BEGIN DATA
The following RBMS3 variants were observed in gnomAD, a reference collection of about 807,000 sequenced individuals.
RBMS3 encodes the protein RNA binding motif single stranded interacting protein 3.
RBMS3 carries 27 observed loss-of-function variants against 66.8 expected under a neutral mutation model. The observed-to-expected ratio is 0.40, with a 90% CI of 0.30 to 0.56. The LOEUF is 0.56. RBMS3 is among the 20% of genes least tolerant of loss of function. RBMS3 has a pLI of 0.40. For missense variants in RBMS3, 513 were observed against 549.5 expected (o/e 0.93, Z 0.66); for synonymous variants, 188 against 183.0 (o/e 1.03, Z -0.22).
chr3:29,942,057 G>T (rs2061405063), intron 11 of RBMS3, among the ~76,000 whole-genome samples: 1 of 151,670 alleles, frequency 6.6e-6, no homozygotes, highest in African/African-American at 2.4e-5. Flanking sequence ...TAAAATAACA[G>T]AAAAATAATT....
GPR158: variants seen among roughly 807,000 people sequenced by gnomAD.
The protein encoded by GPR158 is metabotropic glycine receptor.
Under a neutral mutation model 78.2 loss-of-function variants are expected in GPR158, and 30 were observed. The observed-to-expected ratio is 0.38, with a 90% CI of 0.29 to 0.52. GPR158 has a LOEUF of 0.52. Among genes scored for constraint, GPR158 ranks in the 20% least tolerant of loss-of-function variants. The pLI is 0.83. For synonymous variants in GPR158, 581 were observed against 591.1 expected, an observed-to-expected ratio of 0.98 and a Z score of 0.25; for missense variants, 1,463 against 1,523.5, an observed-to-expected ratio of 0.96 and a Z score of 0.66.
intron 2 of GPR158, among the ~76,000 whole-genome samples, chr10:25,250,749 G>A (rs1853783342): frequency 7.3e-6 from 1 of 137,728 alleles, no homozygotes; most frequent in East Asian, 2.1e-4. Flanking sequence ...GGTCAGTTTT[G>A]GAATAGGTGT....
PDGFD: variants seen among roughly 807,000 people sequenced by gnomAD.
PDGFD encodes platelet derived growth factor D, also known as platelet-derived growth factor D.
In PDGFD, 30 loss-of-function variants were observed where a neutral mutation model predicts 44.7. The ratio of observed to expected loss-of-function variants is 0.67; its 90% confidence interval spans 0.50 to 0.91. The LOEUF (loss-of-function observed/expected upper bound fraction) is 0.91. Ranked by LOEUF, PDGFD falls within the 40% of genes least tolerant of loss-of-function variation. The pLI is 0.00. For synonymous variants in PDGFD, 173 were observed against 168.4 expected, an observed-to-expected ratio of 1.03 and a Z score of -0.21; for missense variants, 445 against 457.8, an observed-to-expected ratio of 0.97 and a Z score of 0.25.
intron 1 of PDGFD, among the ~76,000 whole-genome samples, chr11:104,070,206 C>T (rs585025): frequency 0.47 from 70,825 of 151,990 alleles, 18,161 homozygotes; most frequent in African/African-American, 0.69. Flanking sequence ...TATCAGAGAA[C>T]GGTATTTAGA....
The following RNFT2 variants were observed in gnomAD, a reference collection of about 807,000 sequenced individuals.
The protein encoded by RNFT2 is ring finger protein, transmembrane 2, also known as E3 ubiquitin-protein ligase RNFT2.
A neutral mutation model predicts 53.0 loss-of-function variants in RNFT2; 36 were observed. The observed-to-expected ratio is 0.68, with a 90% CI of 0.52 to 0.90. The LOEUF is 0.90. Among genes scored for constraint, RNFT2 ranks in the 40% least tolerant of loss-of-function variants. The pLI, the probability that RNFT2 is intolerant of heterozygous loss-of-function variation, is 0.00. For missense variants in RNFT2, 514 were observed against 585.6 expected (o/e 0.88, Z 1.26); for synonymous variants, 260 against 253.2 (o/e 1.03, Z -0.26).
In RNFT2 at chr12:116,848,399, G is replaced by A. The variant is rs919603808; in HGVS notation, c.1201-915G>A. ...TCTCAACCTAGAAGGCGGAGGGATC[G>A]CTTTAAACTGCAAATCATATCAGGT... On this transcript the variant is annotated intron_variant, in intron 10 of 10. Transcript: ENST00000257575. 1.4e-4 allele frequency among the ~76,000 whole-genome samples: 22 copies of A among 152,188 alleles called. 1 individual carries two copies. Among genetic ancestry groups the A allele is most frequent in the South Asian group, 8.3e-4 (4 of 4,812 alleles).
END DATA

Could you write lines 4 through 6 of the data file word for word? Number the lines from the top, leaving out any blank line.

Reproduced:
chr3:29,942,057 G>T (rs2061405063), intron 11 of RBMS3, among the ~76,000 whole-genome samples: 1 of 151,670 alleles, frequency 6.6e-6, no homozygotes, highest in African/African-American at 2.4e-5. Flanking sequence ...TAAAATAACA[G>T]AAAAATAATT....
GPR158: variants seen among roughly 807,000 people sequenced by gnomAD.
The protein encoded by GPR158 is metabotropic glycine receptor.